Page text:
Organizing to Win: What History Teaches Us
by Trish Kahle
No two historical situations are exactly the same, but sometimes the similarities are too eerie to ignore.
After a decade of right-wing reaction and working class retreat, crisis led to an explosion–but I’m not talking about the revolutionary explosion of the Arab Spring, or the occupation of the Wisconsin state capitol by union members and their allies, or Occupy Wall Street. I’m talking about 1930.
A reporter for the New York World described March 6, a day that began with President Hoover claiming employment would rise and ended with more than 500,000 people in the streets of 25 US cities, like this:“Women struck in the face with blackjacks, boys beaten by gangs of seven and eight policemen, and an old man backed into a doorway and knocked down time after time…. One of [the women] fought savagely howling curses…. A detective ran up and while the policemen held her crashed his blackjack into her face three times before a man dragged her away.”
Despite the repression, the protesters were back again later that year. This fight–the fight for basic relief and welfare services for the skyrocketing numbers of unemployed–was ultimately successful, securing $1 million in new relief funds (in today’s money, that would $14 million). Even more importantly, however, this victory was the beginning of a larger social struggle–and it was a struggle–that we now remember under the broad name “The New Deal.”
Typically, we are told that the New Deal was a reform program championed by FDR. But this story is not only false, it obscures the lessons we can learn from the struggles of the 1930s about how to organize–and more importantly–how to win. The Great Depression, which lasted from the stock market crash of 1929 until World War II, was a school of struggle for hundreds of thousands of members of the American working class. As people came to understand their collective power–whether by sitting in on the floors of their factories, fighting lynching and racist court decisions, demanding price control through roaming boycotts, or organizing the unemployed as a force of potential labor and social upheaval–they learned through trial and error what worked and what didn’t.
This is to point out how fluid and dynamic the struggle that culminated in the Social Security Act was. There was not a meeting after the October 1929 crash where workers sat down and decided to pursue such a program. In fact, when the SSA was passed in 1935, there was still very little consensus over whether the program met the demands of the people who had fought for it, and if it were not for WWII, the social tensions that were behind the massive strike waves, anti-eviction campaigns, and sharecropper organizing could have escalated. The organizers of the 1930s did not have the bounds on their thinking that the knowledge of the coming war imposes on us. In fact, Social Security was part of a bigger struggle that had a broad vision for a society that put working people first, that ensured people would not starve as their farms blew into sand across the Dust Bowl. Because of this, we cannot talk about Social Security without also talking about that larger struggle–a struggle in which many people died to ensure that the dictates of the market would not determine whether or not a person would eat.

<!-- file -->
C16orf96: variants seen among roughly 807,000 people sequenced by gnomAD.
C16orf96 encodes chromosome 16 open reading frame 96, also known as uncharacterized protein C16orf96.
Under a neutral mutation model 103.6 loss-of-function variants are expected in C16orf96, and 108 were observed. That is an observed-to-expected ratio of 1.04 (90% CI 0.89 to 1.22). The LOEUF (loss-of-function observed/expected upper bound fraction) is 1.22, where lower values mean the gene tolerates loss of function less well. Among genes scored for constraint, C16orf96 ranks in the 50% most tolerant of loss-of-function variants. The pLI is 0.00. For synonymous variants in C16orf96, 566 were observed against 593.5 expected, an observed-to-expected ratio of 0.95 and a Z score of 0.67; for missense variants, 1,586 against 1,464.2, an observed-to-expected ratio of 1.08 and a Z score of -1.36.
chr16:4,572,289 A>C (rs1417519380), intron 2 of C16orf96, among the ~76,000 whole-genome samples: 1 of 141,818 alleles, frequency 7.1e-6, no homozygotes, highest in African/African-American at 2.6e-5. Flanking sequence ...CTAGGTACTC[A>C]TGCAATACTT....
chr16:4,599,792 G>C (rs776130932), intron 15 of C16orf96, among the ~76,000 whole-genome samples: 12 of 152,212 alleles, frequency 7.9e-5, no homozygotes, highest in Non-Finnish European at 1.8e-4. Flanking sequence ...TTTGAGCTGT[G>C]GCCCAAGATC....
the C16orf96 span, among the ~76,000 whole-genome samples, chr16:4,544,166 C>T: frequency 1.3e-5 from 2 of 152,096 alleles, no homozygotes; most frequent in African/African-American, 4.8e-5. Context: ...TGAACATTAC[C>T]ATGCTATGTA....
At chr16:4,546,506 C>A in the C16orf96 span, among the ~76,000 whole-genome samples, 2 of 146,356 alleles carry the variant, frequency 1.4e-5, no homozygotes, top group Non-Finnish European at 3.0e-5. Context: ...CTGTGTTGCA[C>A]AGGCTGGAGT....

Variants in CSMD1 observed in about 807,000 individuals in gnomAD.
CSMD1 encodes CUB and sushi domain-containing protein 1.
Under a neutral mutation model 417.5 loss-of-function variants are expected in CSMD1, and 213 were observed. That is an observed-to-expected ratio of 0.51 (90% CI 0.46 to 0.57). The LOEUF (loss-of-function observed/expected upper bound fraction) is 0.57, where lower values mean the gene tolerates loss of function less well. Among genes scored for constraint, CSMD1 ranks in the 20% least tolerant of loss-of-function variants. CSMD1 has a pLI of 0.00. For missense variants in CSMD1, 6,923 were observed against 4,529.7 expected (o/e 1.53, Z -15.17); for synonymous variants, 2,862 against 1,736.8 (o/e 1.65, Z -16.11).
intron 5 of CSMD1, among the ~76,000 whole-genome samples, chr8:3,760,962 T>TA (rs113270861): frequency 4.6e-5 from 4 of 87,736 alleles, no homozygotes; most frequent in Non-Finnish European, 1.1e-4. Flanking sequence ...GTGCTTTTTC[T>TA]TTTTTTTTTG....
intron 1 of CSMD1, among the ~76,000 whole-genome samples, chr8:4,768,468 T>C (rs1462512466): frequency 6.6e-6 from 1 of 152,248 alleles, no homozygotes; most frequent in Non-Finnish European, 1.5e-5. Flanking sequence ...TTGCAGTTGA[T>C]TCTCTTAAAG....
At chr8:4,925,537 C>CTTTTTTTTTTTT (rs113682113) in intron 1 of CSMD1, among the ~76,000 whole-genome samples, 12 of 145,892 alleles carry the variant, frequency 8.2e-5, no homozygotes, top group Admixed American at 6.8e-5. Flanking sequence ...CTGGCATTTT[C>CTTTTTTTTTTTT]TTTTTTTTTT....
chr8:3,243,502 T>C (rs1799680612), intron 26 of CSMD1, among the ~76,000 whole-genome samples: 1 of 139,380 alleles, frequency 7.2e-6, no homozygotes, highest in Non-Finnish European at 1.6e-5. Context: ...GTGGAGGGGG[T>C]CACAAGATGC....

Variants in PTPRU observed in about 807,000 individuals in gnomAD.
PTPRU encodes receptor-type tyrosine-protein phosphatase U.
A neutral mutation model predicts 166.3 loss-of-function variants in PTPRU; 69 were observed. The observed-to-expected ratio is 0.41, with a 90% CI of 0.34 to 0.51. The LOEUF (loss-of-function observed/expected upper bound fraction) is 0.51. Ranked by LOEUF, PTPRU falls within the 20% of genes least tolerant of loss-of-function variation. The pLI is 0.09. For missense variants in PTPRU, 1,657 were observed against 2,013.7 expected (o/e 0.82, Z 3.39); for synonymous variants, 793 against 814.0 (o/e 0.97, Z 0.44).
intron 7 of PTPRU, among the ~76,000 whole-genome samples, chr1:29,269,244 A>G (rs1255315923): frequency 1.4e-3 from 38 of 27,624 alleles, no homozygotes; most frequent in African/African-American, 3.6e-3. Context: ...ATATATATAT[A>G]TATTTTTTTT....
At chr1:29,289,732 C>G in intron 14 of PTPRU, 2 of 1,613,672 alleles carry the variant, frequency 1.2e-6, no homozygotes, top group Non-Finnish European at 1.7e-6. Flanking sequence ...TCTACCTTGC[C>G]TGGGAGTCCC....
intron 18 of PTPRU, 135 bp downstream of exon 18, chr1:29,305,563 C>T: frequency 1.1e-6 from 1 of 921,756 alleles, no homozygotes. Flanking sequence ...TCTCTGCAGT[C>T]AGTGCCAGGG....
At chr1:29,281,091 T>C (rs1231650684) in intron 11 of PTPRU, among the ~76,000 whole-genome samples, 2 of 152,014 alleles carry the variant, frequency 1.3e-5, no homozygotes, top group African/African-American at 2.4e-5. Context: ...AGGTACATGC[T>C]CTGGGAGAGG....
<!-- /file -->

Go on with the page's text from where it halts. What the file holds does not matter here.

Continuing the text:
Much like the people who formed unemployed councils in the early years of the 1930s, the American working class finds itself in a barely contained free-fall. Living standards, which had been in decline since the 1970s, took a nose dive after the 2008 economic crash. Around the world, poor and working people have been blamed for a crisis they didn’t cause. And instead of making the banks and multi-national corporations that caused the crisis pay for it, the ruling class–the 1%, as it were–are ramming through austerity packages around the globe, causing their profits to spike while wages, benefits, and real employment numbers continue to drop. Now, to add insult to injury, American politicians, Democrat and Republican, have put the social welfare policies on which millions of American rely on the block to receive the budget axe. The same policies for which women were beaten by policemen in the streets of New York, for which tenants defied eviction orders, for which unemployed people and workers were shot at by gun thugs are being stripped away. Not only will these austerity measures not fix the financial crisis, they will create a social catastrophe.
But if there’s one lesson we can learn from the struggles of the 1930s that culminated in, among other things, Social Security, the cornerstone of the too-meager American social safety net, it’s this: FDR might have signed the SSA into law, but it was the people like us–the workers, the farmers, the unemployed–who created it.
We can’t wait for a politician to save Social Security. I’m writing this in the middle of election day, and I know that whichever candidate wins, the people living in this country will lose unless we form our own political alternative, one steeped in the deep but too often forgotten tradition of grassroots organizing and workplace democracy of this country.
Trish Kahle is a PhD Candidate in US Labor History at the University of Chicago.